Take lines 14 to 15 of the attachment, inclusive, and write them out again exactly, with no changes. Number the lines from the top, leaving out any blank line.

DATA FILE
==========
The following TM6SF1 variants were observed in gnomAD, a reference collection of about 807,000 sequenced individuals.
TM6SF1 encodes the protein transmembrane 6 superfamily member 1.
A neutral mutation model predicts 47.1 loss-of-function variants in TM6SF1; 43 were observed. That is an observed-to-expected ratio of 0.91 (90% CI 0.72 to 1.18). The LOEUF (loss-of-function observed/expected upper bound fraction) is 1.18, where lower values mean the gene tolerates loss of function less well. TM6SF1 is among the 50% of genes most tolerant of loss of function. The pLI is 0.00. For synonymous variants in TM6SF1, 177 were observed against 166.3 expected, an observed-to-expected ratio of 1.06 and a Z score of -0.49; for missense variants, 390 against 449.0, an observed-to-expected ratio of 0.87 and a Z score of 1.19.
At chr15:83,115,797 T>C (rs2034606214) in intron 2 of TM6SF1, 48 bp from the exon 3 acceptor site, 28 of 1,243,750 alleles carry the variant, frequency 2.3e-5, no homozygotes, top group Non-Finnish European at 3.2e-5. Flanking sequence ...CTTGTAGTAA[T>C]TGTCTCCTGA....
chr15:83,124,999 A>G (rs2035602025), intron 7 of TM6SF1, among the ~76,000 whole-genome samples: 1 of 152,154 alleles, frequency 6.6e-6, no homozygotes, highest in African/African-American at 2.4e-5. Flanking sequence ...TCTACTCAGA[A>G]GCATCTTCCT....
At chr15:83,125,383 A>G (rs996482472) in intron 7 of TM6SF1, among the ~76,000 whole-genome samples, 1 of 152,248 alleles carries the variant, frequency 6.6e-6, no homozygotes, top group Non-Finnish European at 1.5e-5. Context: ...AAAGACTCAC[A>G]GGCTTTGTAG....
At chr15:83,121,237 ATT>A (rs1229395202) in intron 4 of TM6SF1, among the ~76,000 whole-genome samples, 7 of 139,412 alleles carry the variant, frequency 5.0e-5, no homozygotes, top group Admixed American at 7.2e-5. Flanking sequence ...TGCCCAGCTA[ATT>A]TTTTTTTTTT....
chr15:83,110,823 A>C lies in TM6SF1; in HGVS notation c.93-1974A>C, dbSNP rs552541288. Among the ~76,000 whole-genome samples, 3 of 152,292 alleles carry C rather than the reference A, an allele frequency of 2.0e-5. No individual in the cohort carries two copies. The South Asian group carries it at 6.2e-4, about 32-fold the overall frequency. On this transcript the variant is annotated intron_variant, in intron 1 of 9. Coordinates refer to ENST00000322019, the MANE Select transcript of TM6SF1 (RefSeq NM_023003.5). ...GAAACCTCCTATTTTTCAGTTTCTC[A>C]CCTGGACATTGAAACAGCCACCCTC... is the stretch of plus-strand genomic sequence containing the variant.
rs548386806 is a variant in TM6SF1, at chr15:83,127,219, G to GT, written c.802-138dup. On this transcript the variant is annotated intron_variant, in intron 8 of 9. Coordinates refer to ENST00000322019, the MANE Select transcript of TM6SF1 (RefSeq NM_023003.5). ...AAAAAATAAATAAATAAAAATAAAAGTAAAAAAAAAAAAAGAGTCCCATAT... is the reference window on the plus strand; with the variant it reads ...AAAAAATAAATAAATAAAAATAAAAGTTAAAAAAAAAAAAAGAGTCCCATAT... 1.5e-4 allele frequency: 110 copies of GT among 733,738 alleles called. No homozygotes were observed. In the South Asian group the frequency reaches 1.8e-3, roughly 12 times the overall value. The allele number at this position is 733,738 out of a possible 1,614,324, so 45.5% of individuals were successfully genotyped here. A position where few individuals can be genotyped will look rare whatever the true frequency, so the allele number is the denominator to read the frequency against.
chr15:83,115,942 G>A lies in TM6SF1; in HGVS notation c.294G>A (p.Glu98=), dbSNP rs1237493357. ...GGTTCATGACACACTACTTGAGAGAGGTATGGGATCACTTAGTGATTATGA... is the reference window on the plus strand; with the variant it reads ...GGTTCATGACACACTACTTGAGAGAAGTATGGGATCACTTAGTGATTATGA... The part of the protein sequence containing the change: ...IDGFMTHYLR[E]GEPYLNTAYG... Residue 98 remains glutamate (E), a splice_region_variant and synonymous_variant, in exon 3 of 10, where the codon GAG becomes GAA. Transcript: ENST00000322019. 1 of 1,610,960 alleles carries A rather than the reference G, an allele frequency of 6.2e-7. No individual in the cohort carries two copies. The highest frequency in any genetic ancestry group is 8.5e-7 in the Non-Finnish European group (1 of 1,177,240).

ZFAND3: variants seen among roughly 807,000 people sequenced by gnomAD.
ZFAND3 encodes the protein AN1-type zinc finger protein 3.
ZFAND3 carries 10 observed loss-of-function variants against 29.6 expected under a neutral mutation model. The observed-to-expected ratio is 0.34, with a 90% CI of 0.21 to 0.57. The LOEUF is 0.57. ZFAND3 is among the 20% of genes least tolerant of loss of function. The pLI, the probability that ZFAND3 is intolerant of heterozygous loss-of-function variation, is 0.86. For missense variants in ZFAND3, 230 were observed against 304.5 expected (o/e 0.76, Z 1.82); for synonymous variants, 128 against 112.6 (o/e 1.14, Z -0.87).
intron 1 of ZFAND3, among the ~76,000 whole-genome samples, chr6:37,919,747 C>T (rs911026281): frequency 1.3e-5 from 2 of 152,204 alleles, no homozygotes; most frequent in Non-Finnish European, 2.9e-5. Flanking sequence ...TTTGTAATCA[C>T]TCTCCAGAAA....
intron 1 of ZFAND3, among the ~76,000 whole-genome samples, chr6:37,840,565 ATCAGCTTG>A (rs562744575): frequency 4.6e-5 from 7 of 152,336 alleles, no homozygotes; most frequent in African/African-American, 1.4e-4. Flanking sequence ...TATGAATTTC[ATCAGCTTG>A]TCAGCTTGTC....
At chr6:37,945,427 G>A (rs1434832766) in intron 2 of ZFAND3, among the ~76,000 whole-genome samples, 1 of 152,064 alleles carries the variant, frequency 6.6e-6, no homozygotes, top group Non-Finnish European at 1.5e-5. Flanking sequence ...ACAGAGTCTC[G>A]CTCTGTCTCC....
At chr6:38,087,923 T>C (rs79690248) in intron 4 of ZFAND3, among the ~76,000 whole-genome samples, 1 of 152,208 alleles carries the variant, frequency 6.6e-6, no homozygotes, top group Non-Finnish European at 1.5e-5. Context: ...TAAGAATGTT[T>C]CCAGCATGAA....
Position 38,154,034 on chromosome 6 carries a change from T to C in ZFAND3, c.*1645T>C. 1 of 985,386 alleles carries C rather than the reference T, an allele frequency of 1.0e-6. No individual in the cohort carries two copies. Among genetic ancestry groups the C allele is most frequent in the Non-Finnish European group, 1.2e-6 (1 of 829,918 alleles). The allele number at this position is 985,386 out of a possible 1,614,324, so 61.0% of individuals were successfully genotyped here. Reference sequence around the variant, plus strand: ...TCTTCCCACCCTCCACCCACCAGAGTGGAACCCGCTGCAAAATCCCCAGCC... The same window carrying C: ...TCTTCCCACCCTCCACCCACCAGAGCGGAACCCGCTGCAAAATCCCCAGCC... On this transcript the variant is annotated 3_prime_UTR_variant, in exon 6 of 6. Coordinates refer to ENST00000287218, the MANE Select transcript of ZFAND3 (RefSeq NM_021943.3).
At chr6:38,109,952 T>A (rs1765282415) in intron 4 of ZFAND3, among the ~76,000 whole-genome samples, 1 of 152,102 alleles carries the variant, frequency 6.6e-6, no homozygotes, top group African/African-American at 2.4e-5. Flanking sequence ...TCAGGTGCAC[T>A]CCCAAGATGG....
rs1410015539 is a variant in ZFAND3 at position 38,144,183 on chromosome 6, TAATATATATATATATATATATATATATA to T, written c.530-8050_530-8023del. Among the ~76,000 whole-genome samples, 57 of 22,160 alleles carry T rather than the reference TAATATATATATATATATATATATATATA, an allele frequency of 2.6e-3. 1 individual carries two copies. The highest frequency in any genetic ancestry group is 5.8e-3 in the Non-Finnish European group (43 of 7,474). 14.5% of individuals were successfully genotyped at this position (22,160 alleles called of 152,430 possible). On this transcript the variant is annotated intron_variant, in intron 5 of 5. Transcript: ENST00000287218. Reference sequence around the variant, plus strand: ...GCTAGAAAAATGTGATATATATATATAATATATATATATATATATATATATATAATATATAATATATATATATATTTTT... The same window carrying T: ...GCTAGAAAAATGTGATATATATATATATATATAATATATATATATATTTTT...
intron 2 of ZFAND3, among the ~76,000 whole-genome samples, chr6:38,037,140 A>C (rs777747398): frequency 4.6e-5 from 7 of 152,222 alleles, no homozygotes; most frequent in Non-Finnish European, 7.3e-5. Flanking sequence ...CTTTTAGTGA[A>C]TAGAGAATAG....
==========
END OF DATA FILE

intron 1 of ZFAND3, among the ~76,000 whole-genome samples, chr6:37,919,747 C>T (rs911026281): frequency 1.3e-5 from 2 of 152,204 alleles, no homozygotes; most frequent in Non-Finnish European, 2.9e-5. Flanking sequence ...TTTGTAATCA[C>T]TCTCCAGAAA....
intron 1 of ZFAND3, among the ~76,000 whole-genome samples, chr6:37,840,565 ATCAGCTTG>A (rs562744575): frequency 4.6e-5 from 7 of 152,336 alleles, no homozygotes; most frequent in African/African-American, 1.4e-4. Flanking sequence ...TATGAATTTC[ATCAGCTTG>A]TCAGCTTGTC....